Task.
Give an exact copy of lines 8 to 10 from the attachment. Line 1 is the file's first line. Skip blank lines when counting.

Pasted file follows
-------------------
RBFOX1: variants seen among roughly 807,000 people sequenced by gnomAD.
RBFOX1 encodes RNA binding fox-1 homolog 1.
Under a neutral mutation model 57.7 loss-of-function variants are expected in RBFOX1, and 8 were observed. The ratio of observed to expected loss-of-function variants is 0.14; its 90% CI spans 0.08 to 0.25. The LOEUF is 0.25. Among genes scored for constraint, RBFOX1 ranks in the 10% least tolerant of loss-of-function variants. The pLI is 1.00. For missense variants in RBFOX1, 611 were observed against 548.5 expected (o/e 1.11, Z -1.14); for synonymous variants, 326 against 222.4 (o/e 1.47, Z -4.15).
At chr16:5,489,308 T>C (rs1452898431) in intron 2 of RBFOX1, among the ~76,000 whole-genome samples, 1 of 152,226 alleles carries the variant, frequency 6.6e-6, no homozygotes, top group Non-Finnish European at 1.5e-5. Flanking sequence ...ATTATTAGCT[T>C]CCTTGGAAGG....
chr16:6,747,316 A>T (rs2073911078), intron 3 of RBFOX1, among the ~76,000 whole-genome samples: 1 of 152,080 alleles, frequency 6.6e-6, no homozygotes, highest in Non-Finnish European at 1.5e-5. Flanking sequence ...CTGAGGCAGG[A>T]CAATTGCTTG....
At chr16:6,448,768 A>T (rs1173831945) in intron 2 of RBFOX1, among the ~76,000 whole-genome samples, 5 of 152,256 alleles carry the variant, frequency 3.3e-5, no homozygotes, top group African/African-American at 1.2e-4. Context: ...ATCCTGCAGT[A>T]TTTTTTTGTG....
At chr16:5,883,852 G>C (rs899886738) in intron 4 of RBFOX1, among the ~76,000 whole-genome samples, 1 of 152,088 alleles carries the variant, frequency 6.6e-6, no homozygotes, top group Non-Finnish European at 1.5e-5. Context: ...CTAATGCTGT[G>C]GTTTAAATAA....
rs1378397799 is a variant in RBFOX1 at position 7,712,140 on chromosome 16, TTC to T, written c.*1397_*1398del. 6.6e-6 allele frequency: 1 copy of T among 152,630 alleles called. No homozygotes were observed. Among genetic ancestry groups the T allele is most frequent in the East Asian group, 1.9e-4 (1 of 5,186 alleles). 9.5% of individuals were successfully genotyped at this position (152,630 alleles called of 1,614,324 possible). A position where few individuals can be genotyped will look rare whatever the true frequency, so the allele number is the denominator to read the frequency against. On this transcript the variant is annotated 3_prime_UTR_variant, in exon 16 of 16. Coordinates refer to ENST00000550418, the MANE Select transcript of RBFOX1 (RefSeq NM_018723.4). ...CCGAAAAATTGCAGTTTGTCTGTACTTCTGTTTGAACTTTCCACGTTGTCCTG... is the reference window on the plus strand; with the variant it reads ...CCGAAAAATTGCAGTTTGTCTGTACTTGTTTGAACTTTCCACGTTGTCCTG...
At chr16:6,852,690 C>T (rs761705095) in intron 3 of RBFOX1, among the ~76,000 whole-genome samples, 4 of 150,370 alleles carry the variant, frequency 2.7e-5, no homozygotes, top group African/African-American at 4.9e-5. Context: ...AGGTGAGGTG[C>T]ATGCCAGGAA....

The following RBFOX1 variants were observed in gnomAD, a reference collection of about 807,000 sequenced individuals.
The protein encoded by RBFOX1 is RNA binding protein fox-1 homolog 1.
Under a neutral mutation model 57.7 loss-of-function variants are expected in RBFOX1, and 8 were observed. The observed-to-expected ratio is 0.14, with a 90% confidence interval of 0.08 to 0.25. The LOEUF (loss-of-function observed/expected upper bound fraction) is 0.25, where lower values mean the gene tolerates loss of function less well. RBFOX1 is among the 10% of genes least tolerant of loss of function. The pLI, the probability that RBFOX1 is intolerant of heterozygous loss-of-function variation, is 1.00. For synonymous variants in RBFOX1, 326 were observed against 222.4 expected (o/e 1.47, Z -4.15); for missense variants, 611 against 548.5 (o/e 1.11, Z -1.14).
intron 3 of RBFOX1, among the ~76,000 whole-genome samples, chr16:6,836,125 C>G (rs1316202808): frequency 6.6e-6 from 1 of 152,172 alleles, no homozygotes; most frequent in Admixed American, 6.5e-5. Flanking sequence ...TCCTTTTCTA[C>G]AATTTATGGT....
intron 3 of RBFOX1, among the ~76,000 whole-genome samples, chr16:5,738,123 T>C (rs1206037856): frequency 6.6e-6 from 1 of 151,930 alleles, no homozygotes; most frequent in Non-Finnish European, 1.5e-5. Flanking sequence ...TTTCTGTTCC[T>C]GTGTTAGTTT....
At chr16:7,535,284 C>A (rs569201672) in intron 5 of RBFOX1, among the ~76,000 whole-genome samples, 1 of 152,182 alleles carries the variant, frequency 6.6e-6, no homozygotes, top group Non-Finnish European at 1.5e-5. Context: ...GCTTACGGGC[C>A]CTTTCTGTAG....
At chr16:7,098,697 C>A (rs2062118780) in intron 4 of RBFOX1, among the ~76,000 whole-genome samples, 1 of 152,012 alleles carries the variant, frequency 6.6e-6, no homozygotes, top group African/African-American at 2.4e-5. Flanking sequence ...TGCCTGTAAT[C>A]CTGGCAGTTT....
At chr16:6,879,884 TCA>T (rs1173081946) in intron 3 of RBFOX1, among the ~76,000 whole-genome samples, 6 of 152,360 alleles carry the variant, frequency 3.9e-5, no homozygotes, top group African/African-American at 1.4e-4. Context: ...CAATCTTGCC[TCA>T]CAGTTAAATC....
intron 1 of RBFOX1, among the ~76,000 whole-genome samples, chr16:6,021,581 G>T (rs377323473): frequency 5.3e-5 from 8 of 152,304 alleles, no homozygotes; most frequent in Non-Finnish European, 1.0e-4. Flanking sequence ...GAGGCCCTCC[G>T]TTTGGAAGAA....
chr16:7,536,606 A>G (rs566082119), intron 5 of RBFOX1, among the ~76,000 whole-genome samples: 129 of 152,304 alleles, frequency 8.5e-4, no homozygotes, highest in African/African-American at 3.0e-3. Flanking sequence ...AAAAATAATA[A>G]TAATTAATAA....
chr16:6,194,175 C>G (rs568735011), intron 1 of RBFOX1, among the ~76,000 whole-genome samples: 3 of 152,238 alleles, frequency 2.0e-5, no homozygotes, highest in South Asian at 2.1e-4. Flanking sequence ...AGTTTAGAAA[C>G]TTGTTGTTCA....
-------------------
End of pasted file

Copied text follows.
rs1378397799 is a variant in RBFOX1 at position 7,712,140 on chromosome 16, TTC to T, written c.*1397_*1398del. 6.6e-6 allele frequency: 1 copy of T among 152,630 alleles called. No homozygotes were observed. Among genetic ancestry groups the T allele is most frequent in the East Asian group, 1.9e-4 (1 of 5,186 alleles). 9.5% of individuals were successfully genotyped at this position (152,630 alleles called of 1,614,324 possible). A position where few individuals can be genotyped will look rare whatever the true frequency, so the allele number is the denominator to read the frequency against. On this transcript the variant is annotated 3_prime_UTR_variant, in exon 16 of 16. Coordinates refer to ENST00000550418, the MANE Select transcript of RBFOX1 (RefSeq NM_018723.4). ...CCGAAAAATTGCAGTTTGTCTGTACTTCTGTTTGAACTTTCCACGTTGTCCTG... is the reference window on the plus strand; with the variant it reads ...CCGAAAAATTGCAGTTTGTCTGTACTTGTTTGAACTTTCCACGTTGTCCTG...
At chr16:6,852,690 C>T (rs761705095) in intron 3 of RBFOX1, among the ~76,000 whole-genome samples, 4 of 150,370 alleles carry the variant, frequency 2.7e-5, no homozygotes, top group African/African-American at 4.9e-5. Context: ...AGGTGAGGTG[C>T]ATGCCAGGAA....

The following RBFOX1 variants were observed in gnomAD, a reference collection of about 807,000 sequenced individuals.